“I think the rivalry meant more to John (DeBrosse) than anybody,” Hayes said. “I think he enjoyed beating them in a close game more. He came up to me after the game and said, Jim how did you do that. And I told him it was close, they almost blocked it. He was so happy after that game.”

And while all the tournament wins that followed were big, the most memorable may be the regional semifinal against Columbus University school.

“The Columbus University win was probably even bigger than I remember it being at the time,” Jacomet said. “They had won 22 in a row. They were ranked first in the state. They were big and athletic.”

And were intimidating — even in warmups.

“They came out and had seven guys dunking the ball in warmups,” Jacomet said. “We only had one guy that could dunk. Coach told us, don’t watch them warming up. We could have been intimidated, but we weren’t.”

Piqua Catholic won 62-58 and followed it with a 60-50 win over Lockland in the regional final to earn the trip to Columbus.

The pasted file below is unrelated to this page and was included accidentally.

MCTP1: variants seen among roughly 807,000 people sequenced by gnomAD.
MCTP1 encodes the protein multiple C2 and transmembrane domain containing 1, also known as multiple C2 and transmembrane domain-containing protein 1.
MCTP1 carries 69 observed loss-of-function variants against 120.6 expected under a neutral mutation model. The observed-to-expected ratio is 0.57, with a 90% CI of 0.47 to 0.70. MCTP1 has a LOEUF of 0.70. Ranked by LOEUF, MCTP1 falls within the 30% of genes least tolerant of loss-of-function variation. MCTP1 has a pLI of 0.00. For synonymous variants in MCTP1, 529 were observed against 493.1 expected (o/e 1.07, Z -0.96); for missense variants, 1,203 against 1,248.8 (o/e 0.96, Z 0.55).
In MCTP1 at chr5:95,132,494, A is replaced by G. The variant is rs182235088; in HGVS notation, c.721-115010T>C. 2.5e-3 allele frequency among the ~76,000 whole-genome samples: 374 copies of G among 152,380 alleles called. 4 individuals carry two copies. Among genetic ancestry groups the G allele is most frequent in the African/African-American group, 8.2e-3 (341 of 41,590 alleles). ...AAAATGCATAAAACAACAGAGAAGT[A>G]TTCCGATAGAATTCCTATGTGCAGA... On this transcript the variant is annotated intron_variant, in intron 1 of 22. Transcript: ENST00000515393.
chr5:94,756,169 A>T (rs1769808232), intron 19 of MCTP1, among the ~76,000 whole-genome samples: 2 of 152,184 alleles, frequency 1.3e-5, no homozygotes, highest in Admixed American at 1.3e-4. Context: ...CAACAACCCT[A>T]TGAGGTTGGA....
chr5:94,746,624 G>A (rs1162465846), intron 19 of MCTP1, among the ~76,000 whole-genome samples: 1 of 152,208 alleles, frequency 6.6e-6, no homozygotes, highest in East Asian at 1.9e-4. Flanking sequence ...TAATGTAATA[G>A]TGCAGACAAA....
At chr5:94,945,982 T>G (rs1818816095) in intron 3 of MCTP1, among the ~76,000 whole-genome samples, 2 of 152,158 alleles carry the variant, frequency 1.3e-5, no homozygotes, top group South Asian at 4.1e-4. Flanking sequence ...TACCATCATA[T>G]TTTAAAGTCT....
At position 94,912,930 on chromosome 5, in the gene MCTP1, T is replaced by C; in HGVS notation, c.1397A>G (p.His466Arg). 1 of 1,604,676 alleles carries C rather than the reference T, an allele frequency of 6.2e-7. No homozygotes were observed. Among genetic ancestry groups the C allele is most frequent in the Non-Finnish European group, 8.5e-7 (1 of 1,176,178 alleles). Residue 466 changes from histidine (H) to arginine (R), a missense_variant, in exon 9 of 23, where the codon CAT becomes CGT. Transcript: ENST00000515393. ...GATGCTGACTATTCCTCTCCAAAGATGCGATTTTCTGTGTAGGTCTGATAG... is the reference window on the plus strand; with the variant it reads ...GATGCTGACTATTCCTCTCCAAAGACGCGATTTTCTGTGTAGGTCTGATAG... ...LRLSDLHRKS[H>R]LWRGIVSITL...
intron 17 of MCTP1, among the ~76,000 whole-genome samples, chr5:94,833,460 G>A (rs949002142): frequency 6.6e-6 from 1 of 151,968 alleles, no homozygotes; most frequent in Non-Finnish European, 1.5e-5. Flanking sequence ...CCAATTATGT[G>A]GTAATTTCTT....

“I remember it seemed like everyone was at the square in town after we won the regional final,” Jacomet said. “And all the telegrams coach received when we were in Columbus, that was amazing.”

The Cavalier faced Celina ICHS, a team that had beat them 84-57 during the season.

The results were similar again, this time by a 64-36 score to end the season at 21-4.

“Of course, things didn’t go to well for us in Columbus,” Denari said. “But, I would say 21-4 and the state semifinals is a pretty good accomplishment. Nobody expected us (to make it to Columbus). It was that way the whole tournament.”

Except for the coach and 12 guys that mattered — which led to the March when all of Piqua was a Cavalier fan.